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Derecho could be one of Canada’s costliest convective storms


A derecho that traveled 621 miles across southern Canada, hitting major metro areas, could be one of the costliest insured severe convective storm events on record for Canada’s insurance industry, Aon PLC said Friday in its latest catastrophe report.

The May 21 storm, which generated extraordinary straight-line wind damage, could also be one of the more costly Canadian insured loss events on record based on preliminary estimates, Aon said in the report.

The derecho left at least 10 people dead and caused widespread significant damage to parts of Toronto, Ottawa, Montreal and Quebec City, Aon said.

Electricity services to at least 1 million customers across southern Canada were lost as the storms passed.

In Ontario, large electrical transmission towers in Ottawa were toppled during the derecho, and no fewer than 1,000 power poles were knocked down province-wide.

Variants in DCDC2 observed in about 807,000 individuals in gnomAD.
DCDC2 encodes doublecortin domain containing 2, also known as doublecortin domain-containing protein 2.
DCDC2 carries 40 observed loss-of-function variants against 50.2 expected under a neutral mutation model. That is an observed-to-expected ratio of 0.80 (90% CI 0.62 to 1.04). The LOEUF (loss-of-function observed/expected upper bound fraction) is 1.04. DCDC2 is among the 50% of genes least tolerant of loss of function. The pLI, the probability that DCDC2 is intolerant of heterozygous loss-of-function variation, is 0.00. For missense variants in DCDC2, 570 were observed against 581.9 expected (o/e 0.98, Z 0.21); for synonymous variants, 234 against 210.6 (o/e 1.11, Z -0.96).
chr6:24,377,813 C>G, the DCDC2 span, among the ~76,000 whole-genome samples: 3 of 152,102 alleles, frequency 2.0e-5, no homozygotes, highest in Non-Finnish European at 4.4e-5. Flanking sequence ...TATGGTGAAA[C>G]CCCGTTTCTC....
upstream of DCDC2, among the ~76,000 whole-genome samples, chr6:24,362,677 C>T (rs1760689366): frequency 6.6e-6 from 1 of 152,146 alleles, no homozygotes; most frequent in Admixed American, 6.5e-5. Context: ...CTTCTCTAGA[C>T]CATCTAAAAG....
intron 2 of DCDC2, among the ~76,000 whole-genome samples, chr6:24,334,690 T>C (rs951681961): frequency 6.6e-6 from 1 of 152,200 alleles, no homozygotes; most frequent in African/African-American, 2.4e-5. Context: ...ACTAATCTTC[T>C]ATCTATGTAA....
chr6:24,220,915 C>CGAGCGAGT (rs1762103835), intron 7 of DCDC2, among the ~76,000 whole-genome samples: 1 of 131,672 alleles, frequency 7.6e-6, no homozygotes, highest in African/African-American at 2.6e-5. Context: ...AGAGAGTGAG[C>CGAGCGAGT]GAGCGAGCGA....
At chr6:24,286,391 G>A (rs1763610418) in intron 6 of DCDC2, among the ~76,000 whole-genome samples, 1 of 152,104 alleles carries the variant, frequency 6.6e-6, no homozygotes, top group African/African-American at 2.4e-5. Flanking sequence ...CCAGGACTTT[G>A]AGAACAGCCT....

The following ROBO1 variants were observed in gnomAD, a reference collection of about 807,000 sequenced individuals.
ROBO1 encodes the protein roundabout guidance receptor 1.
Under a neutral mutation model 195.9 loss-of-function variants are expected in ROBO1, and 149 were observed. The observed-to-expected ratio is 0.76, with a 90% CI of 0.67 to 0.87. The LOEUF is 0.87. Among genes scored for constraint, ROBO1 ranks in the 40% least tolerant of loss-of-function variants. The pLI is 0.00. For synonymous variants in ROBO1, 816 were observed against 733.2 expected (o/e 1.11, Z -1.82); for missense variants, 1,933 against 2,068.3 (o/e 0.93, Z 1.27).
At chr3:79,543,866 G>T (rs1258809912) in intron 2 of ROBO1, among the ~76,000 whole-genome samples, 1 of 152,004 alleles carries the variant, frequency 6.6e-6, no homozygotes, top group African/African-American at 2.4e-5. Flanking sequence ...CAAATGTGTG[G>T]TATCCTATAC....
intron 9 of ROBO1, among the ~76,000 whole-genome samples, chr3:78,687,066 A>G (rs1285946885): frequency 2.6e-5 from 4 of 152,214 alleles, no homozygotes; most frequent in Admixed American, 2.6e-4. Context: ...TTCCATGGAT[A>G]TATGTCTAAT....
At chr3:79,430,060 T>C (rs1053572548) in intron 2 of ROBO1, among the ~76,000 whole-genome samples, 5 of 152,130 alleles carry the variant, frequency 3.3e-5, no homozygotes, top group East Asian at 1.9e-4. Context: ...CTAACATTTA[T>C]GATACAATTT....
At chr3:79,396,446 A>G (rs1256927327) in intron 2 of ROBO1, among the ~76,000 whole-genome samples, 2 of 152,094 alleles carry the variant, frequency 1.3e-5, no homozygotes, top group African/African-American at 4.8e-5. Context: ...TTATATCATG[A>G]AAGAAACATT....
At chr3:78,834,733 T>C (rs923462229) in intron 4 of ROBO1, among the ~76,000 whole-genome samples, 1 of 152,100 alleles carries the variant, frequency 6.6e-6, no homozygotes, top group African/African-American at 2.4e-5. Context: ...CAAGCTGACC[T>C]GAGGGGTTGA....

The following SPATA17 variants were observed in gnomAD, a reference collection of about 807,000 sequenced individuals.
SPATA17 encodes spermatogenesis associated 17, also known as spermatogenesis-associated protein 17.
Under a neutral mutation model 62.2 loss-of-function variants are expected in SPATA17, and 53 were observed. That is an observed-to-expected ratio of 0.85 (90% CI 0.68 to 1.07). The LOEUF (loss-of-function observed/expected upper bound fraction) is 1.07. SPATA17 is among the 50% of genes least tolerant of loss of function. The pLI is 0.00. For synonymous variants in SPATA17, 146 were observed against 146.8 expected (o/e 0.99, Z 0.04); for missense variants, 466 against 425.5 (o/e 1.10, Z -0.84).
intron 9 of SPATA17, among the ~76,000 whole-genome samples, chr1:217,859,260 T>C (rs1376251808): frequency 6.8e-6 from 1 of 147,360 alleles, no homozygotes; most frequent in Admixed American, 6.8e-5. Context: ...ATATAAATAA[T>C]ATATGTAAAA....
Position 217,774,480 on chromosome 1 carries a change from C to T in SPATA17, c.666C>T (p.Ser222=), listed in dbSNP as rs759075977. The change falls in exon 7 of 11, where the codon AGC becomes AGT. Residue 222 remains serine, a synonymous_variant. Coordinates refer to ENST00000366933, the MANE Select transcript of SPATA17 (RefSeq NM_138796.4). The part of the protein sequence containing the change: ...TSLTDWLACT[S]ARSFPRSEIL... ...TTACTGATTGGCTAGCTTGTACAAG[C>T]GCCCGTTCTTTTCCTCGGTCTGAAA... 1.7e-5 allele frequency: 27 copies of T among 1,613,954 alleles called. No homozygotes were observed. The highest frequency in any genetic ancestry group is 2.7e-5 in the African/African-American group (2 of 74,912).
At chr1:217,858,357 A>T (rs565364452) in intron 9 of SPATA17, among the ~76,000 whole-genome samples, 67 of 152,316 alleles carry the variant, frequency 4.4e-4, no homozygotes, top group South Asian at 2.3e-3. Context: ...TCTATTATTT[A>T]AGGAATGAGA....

Widespread damage was reported to homes and other structures, vehicles, and agricultural operations across regions impacted by the storm.

A spokesman for the Insurance Bureau of Canada said via email that an initial estimate of insured losses will be provided within 45 days.

Catastrophe Indices and Quantification Inc. has declared the storm a catastrophe. Its threshold for a catastrophe declaration is CAD $30 million ($24 million).

“However, this will be much more than $30 million,” the Insurance Bureau spokesman said.